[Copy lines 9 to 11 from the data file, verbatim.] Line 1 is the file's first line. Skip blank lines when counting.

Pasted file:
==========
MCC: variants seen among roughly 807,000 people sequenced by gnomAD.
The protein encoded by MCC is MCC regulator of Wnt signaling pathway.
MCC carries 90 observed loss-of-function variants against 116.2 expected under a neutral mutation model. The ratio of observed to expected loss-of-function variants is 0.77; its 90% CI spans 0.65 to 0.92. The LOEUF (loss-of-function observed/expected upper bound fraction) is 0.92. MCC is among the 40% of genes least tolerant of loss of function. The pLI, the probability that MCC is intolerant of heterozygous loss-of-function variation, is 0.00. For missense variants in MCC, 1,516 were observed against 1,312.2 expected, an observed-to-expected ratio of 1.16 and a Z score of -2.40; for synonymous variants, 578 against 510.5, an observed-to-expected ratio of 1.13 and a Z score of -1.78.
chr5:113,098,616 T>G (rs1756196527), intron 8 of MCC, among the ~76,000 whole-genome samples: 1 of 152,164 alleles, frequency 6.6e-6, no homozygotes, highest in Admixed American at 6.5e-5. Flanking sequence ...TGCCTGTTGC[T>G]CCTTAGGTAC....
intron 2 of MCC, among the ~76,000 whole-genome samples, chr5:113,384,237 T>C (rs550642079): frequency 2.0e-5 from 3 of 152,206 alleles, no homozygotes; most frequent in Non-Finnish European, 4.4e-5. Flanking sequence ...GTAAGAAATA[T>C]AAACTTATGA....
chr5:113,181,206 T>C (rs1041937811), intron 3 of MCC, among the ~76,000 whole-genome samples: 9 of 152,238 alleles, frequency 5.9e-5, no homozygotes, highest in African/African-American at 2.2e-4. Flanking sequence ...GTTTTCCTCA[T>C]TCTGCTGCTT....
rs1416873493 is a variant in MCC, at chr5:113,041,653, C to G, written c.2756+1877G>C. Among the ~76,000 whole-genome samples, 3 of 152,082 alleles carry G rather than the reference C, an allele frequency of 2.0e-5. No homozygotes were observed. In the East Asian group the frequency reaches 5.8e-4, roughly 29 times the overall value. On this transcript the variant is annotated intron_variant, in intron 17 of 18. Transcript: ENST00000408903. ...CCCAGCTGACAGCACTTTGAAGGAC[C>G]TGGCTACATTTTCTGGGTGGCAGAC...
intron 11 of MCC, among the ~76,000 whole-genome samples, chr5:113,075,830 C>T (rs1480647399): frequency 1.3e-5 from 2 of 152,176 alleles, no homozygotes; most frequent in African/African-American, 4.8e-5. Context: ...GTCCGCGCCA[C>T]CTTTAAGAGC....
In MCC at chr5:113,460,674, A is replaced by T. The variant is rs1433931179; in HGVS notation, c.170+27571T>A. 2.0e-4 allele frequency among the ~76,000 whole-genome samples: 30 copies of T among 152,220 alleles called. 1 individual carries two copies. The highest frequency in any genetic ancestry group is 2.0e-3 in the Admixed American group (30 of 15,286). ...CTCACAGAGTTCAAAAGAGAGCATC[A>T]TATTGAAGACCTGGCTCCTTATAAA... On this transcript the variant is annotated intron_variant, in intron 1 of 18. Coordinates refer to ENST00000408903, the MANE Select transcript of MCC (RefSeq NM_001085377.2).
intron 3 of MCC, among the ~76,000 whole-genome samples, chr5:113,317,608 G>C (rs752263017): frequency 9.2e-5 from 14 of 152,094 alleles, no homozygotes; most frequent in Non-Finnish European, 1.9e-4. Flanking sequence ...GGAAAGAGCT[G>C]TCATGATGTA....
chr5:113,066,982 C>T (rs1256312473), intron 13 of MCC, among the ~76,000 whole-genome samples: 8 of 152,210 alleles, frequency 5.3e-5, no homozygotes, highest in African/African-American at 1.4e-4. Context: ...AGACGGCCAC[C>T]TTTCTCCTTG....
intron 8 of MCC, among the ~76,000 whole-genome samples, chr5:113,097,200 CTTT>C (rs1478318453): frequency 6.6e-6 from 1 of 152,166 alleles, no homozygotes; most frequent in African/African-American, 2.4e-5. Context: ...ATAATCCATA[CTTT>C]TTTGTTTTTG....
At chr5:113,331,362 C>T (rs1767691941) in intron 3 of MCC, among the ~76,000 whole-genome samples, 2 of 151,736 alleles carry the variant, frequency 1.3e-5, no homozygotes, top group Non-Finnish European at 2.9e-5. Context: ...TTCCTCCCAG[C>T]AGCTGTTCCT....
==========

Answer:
In MCC at chr5:113,460,674, A is replaced by T. The variant is rs1433931179; in HGVS notation, c.170+27571T>A. 2.0e-4 allele frequency among the ~76,000 whole-genome samples: 30 copies of T among 152,220 alleles called. 1 individual carries two copies. The highest frequency in any genetic ancestry group is 2.0e-3 in the Admixed American group (30 of 15,286). ...CTCACAGAGTTCAAAAGAGAGCATC[A>T]TATTGAAGACCTGGCTCCTTATAAA... On this transcript the variant is annotated intron_variant, in intron 1 of 18. Coordinates refer to ENST00000408903, the MANE Select transcript of MCC (RefSeq NM_001085377.2).
intron 3 of MCC, among the ~76,000 whole-genome samples, chr5:113,317,608 G>C (rs752263017): frequency 9.2e-5 from 14 of 152,094 alleles, no homozygotes; most frequent in Non-Finnish European, 1.9e-4. Flanking sequence ...GGAAAGAGCT[G>C]TCATGATGTA....
chr5:113,066,982 C>T (rs1256312473), intron 13 of MCC, among the ~76,000 whole-genome samples: 8 of 152,210 alleles, frequency 5.3e-5, no homozygotes, highest in African/African-American at 1.4e-4. Context: ...AGACGGCCAC[C>T]TTTCTCCTTG....